She also said that Sinn Féin (SF) could enter the talks process when there was a renewed Irish Republican Army (IRA) ceasefire. [SF later responded to the comments of Mowlam by saying that they were “ready to do business with the British government”.] [In terms of the peace process the election of a Labour government with a large working majority was to provide new momentum in the search for a political settlement to the conflict.]

Monday 3 May 1999

A 27 year-old Catholic man was badly beaten in a sectarian attack carried out by a crowd of Loyalists in Lurgan, County Armagh.

A 24 year-old Catholic man was beaten in a separate sectarian attack in Lurgan.

It was reported in the media that David Trimble, then leader of the Ulster Unionist Party (UUP), had been involved with secret talks with senior members of the Orange Order from Portadown about the Drumcree parade dispute.

Bertie Ahern, then Taoiseach (Irish Prime Minister), rejected Northern Ireland Office (NIO) proposals to establish a ‘transitional’ Executive without a transfer of powers until decommissioning had begun.

Thursday 3 May 2001

Martin McGuinness, then Vice-President of Sinn Féin (SF), formally confirmed that he had been the “second-in-command” of the Irish Republican Army (IRA) in Derry when the events of ‘Bloody Sunday’ took place on 30 January 1972. The statement was made in advance of his expected appearance at the Bloody Sunday Inquiry.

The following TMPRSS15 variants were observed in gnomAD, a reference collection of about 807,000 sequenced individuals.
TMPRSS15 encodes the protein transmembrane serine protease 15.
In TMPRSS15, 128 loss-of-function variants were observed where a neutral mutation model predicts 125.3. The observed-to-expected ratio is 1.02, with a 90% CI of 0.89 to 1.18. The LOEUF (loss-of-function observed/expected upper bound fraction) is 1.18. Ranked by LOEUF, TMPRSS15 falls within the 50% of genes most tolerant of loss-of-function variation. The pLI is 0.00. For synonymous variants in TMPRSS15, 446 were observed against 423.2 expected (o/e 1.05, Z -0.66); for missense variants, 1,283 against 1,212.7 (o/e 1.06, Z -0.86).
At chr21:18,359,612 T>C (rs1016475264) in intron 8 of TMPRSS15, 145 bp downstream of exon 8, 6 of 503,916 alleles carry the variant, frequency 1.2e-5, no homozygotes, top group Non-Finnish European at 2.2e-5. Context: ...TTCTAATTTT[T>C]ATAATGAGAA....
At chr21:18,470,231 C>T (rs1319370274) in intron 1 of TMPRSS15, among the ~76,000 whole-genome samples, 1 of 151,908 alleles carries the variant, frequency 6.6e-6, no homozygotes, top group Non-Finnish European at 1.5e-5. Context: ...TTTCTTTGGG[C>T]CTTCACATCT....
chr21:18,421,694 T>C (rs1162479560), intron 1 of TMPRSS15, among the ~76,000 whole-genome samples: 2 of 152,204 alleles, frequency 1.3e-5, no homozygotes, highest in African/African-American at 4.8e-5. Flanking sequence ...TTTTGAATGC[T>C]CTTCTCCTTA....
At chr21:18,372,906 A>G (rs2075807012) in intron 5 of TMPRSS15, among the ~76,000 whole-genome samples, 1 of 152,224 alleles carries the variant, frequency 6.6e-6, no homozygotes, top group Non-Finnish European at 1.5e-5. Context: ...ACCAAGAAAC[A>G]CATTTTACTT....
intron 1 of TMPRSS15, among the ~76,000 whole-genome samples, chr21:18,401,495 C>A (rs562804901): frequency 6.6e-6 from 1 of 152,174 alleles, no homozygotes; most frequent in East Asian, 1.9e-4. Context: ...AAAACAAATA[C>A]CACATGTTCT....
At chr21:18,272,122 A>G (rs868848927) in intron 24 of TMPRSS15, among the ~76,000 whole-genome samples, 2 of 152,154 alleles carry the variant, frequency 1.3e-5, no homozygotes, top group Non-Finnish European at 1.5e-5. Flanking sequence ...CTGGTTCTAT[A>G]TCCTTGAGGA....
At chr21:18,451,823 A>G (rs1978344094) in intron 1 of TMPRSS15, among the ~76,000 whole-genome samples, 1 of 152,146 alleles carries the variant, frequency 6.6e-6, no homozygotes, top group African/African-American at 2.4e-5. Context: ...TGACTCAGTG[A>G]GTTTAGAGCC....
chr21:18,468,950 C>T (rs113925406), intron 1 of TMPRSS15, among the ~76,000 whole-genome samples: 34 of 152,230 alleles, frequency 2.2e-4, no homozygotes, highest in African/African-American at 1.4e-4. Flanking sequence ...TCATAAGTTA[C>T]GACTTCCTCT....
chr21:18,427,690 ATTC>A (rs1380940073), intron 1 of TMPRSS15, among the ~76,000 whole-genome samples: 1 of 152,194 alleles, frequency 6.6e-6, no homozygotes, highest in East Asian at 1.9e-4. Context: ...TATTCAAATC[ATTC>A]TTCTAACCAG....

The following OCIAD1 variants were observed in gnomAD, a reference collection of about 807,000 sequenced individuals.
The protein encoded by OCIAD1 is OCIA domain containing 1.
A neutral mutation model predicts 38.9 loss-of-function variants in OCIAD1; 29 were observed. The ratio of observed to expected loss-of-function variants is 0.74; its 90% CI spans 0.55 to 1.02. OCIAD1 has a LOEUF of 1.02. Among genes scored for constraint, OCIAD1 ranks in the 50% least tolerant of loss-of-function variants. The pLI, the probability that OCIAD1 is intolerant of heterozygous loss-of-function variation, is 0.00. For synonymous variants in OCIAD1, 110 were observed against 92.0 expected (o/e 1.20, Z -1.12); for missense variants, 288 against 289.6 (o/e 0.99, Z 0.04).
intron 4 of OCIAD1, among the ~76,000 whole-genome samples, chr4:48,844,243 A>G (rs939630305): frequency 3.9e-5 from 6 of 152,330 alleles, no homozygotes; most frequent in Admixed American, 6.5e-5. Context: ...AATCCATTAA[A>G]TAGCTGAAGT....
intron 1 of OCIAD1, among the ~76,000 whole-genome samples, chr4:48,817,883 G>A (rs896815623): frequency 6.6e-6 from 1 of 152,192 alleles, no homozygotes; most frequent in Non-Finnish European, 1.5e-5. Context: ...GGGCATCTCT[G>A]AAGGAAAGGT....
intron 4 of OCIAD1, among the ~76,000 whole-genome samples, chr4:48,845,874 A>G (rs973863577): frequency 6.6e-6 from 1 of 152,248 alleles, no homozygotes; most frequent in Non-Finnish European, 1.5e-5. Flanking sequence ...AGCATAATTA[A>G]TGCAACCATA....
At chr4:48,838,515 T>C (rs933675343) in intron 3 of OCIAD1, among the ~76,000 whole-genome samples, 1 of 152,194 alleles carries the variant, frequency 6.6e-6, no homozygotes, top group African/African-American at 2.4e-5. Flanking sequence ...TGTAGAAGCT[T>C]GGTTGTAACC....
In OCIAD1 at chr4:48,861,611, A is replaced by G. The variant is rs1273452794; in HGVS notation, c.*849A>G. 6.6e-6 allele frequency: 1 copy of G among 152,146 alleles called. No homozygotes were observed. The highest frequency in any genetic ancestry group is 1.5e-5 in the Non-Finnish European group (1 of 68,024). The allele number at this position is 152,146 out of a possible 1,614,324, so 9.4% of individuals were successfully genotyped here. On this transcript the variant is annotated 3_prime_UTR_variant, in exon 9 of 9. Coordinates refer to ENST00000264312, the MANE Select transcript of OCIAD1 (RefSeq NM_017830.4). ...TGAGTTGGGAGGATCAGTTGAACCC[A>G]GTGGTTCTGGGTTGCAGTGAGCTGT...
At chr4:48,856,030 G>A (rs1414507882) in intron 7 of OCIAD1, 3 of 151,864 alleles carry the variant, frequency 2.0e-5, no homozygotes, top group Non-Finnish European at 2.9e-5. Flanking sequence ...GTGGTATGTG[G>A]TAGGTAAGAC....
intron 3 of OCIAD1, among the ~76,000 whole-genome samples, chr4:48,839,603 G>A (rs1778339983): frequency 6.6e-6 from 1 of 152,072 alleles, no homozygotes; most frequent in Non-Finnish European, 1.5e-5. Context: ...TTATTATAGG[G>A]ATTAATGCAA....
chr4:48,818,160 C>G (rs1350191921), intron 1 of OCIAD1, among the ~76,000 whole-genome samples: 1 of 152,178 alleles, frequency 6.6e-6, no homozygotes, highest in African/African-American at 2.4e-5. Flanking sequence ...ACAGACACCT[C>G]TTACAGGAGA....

Remembering all innocent victims of the Troubles

Today is the anniversary of the death of the following people killed as a results of the conflict in Northern Ireland

“To live in hearts we leave behind is not to die

– Thomas Campbell

To the innocent on the list – Your memory will live forever

– To the Paramilitaries –

There are many things worth living for, a few things worth dying for, but nothing worth killing for.

 5 People lost their lives on the 3th May  between 1973 – 1994


03 May 1973

Thomas Crump  (27)

Status: British Army (BA),

Killed by: Irish Republican Army (IRA)
Died one day after being shot by sniper while on British Army (BA) foot patrol, junction of Foyle Road and Bishop Street, Derry.


03 May 1977
Edward Coleman  (22)

Status: Civilian (Civ),

Killed by: Irish Republican Army (IRA)
Found shot in field, off Glen Road, Suffolk, Belfast.


03 May 1985
William Heenan   (51)

Status: Civilian (Civ),

Killed by: Irish Republican Army (IRA)
Shot at his home, Leitrim, near Castlewellan, County Down.


03 May 1991

Stephen Gillespie   (31)

Status: Royal Ulster Constabulary (RUC),

Killed by: Irish Republican Army (IRA)
Died two days after being injured during rocket attack on Royal Ulster Constabulary (RUC) mobile patrol, Mica Drive, Beechmount, Belfast


03 May 1994

Thomas Douglas   (44)

Status: Civilian (Civ),

Killed by: Irish National Liberation Army (INLA)
Shot, outside his workplace, Northern Ireland Electricity Headquarters, Stranmillis Road, Malone, Belfast